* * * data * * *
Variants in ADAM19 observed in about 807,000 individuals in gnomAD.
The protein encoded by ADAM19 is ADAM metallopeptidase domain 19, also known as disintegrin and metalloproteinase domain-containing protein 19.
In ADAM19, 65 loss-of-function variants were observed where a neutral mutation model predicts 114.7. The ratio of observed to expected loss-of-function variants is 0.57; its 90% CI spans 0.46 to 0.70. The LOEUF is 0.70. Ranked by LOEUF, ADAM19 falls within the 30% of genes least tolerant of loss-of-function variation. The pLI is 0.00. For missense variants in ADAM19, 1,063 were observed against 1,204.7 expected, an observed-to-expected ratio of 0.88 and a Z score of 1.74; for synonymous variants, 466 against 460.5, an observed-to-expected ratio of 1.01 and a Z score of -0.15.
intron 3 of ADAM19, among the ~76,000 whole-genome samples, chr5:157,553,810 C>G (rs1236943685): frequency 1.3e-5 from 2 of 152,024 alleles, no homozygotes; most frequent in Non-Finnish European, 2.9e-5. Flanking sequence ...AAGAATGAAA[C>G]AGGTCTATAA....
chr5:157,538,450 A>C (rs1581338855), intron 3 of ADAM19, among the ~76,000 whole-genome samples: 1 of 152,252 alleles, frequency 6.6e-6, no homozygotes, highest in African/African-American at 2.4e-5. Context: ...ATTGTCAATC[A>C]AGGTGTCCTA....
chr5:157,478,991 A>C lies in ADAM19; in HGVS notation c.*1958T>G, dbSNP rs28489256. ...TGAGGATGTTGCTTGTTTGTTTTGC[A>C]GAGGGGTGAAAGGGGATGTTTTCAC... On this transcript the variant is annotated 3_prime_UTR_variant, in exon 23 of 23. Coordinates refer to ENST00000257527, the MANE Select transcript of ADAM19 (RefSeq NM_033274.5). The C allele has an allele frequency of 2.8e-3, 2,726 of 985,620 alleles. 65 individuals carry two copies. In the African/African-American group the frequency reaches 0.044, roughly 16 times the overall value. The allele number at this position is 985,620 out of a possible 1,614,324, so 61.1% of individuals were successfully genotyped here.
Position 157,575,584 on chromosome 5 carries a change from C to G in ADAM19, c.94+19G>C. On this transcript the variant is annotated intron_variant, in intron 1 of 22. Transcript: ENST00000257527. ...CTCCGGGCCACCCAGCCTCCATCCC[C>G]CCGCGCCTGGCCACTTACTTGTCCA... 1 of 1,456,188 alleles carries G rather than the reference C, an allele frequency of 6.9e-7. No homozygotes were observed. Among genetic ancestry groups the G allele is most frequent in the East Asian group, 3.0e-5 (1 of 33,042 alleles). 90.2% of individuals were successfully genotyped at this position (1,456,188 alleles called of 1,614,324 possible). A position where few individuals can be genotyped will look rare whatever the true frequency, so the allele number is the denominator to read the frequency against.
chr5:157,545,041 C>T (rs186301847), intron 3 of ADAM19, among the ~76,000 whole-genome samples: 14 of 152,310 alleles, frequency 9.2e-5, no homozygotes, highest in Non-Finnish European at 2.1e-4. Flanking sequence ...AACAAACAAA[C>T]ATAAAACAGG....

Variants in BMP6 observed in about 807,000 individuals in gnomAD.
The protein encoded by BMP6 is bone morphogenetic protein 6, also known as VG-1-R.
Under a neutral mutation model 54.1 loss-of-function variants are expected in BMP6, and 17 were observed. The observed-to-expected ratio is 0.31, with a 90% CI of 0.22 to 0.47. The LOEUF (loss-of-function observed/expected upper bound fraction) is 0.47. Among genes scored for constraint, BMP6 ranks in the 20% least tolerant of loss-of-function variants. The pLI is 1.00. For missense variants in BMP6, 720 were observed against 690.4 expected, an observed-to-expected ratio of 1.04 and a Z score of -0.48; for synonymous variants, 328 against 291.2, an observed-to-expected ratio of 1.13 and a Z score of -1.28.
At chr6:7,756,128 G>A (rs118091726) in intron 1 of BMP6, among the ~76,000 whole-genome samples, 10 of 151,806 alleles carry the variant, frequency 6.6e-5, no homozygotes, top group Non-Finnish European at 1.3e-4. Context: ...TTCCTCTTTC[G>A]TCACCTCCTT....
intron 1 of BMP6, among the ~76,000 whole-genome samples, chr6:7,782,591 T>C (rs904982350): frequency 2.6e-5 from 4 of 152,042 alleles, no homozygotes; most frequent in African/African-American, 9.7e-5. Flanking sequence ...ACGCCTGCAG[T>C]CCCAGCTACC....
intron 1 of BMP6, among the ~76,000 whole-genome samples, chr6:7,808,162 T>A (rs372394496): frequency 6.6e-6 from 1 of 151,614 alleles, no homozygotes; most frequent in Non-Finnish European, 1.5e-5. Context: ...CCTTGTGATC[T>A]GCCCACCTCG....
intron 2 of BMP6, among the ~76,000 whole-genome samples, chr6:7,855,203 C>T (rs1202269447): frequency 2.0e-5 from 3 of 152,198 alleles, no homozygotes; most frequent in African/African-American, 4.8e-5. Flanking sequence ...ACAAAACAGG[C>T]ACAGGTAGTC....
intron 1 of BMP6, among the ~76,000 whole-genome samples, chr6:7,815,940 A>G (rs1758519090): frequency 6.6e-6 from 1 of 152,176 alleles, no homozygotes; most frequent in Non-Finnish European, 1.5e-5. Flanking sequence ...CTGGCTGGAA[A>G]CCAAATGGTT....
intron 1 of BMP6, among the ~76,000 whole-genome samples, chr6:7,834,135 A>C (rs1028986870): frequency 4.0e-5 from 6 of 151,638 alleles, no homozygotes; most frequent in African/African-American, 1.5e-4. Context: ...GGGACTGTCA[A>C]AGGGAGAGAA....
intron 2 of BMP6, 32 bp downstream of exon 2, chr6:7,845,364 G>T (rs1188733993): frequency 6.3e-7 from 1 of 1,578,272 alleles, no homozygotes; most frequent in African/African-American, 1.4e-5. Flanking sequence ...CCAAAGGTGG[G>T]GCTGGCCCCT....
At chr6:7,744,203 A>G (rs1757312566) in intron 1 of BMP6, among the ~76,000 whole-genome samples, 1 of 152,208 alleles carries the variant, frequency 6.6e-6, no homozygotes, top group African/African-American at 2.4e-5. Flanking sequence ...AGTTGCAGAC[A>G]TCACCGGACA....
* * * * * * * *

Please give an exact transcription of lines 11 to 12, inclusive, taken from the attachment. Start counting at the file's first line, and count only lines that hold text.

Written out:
Under a neutral mutation model 54.1 loss-of-function variants are expected in BMP6, and 17 were observed. The observed-to-expected ratio is 0.31, with a 90% CI of 0.22 to 0.47. The LOEUF (loss-of-function observed/expected upper bound fraction) is 0.47. Among genes scored for constraint, BMP6 ranks in the 20% least tolerant of loss-of-function variants. The pLI is 1.00. For missense variants in BMP6, 720 were observed against 690.4 expected, an observed-to-expected ratio of 1.04 and a Z score of -0.48; for synonymous variants, 328 against 291.2, an observed-to-expected ratio of 1.13 and a Z score of -1.28.
At chr6:7,756,128 G>A (rs118091726) in intron 1 of BMP6, among the ~76,000 whole-genome samples, 10 of 151,806 alleles carry the variant, frequency 6.6e-5, no homozygotes, top group Non-Finnish European at 1.3e-4. Context: ...TTCCTCTTTC[G>A]TCACCTCCTT....